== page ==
Fight Hay Fever with Spinach and Orange Juice

People with high levels of folate in their blood are less likely to suffer from allergies, research shows.

May 7, 2009

More spinach, rice, and other high-folate foods could mean less sneezing.

RODALE NEWS, EMMAUS, PA—Put down the Zyrtec and pick up the OJ? According to a study published in the Journal of Allergy and Clinical Immunology, getting our Recommended Dietary Allowance of folate (a B vitamin; its synthetic form is called folic acid) may be an important way to ward off allergies and asthma.

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THE DETAILS: Researchers looked at the Centers for Disease Control and Prevention’s National Health and Nutrition Examination Survey data for just over 8,000 people ages 2 to 85 who’d had their blood levels of folate and immunoglobulin E (IgE, antibodies that fight allergic reactions) measured. They focused specifically on allergies to dogs, cats, cockroaches, dust mites, and a type of mold associated with severe asthma, as well as any diagnoses of wheezing or asthma. Regardless of age, people whose folate levels fell on the higher end of normal had significantly lower IgE levels, and for every 1-unit increase in folate levels, the researchers saw a 50 percent decrease in a person’s chances of having allergic reactions to those allergens. They found some reduction in the odds of having asthma and wheezing among people with high folate levels, but the association wasn’t as strong as with day-to-day allergies.

They also found that African Americans had lower levels of serum folate levels, and that’s a group with high rates of asthma. “There’s always been a marked disparity among asthma in inner-city minority kids, particularly African Americans,” says lead author Elizabeth Matsui, MD, MHS, associate professor of pediatrics at Johns Hopkins Children’s Center. “Lower serum folate levels could be contributing to more severe cases of the disease,” she notes.

WHAT IT MEANS: Keep your folate levels healthy. But don’t go popping folic acid supplements just yet, Dr. Matsui says. “A majority of people in U.S.—upwards of 98 percent—are not folate deficient, and there’s some controversy about whether or not high serum folate levels can actually make allergies and asthma worse,” she says. She points to another study on mice, which found that mouse mothers who were given folate while pregnant had babies that developed allergic lung diseases. “The timing of the folic acid exposure may impact what the relationship is between folate and the risk of allergies and asthma,” she says, cautioning that pregnant mothers should continue to take folic acid because of its proven protection against neural tube defects.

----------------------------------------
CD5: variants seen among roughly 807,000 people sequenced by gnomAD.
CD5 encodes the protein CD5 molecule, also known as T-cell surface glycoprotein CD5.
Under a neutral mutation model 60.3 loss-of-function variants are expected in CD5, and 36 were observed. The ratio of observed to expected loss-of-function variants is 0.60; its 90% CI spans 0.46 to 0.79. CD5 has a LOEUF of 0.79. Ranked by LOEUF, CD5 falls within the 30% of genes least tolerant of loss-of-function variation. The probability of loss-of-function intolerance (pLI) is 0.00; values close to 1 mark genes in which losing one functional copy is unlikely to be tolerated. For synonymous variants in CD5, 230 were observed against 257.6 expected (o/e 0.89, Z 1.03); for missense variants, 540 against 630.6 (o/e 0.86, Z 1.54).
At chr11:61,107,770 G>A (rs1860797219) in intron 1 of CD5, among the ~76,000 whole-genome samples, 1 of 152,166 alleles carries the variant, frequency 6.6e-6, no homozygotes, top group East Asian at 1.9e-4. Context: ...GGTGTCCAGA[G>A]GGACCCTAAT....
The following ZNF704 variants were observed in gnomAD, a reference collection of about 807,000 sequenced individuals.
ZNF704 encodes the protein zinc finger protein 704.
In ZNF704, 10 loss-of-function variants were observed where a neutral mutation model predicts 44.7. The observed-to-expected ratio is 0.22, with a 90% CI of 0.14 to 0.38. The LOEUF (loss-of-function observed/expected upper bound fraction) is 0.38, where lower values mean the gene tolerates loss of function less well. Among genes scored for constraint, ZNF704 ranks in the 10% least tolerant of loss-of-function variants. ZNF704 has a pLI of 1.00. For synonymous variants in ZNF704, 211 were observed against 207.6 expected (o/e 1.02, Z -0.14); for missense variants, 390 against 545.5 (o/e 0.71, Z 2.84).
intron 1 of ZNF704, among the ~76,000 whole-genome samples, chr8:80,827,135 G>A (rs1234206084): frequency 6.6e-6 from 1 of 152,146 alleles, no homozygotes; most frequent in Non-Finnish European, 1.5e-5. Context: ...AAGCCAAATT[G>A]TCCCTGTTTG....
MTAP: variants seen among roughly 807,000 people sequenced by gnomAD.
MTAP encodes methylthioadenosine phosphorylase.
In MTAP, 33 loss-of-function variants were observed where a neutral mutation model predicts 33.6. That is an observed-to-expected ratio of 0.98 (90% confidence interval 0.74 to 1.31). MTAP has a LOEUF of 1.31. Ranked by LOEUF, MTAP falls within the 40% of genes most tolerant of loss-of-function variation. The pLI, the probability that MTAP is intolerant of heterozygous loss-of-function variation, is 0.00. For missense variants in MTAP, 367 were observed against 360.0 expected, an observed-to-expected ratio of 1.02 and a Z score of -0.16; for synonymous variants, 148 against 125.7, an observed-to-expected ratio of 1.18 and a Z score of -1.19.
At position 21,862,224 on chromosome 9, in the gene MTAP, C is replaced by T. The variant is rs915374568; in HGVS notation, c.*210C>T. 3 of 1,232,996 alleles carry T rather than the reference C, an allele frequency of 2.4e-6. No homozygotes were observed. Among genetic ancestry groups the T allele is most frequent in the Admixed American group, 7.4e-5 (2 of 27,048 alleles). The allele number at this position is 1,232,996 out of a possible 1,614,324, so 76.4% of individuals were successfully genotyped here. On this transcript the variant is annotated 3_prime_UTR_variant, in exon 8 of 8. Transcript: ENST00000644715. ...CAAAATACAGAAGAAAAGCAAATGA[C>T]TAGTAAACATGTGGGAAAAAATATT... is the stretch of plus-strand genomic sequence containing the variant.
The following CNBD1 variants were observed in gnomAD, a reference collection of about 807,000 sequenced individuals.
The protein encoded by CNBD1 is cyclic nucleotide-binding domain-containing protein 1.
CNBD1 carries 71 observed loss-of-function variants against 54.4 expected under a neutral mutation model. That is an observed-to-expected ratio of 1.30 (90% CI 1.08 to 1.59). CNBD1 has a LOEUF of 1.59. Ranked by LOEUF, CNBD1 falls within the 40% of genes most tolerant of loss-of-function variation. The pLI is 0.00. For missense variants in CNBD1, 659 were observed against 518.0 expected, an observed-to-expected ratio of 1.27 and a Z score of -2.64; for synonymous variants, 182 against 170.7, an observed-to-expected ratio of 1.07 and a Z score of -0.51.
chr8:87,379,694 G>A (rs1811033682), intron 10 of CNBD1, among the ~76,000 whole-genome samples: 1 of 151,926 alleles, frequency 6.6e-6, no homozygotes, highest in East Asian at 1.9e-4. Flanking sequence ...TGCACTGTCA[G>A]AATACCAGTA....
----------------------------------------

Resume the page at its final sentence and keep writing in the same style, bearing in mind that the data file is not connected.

What this study does show is that people whose folate levels fall within the high range of normal are less likely to have allergies, wheezing, and asthma, says Dr. Matsui. Based on the findings, she says, folate also may protect against allergens beyond the ones they tested, including pollen, ragweed, and other seasonal allergy triggers that make us miserable.

Your best protection: Eat a healthy diet of folate-rich foods to keep your levels high without overdoing it.

According to the USDA’s Nutrient Database, some of the most folate-rich foods include:

• Long-grain white rice
• Turkey
• Chicken
• White or all-purpose wheat flour
• Lentils, black-eyed peas (also called “cowpeas”), pinto beans, and chickpeas
• Orange juice
• Okra
• Spinach

Check the Rodale Recipe Finder for suggestions on preparing these foods. Orange juice and fortified breakfast cereals are also good sources.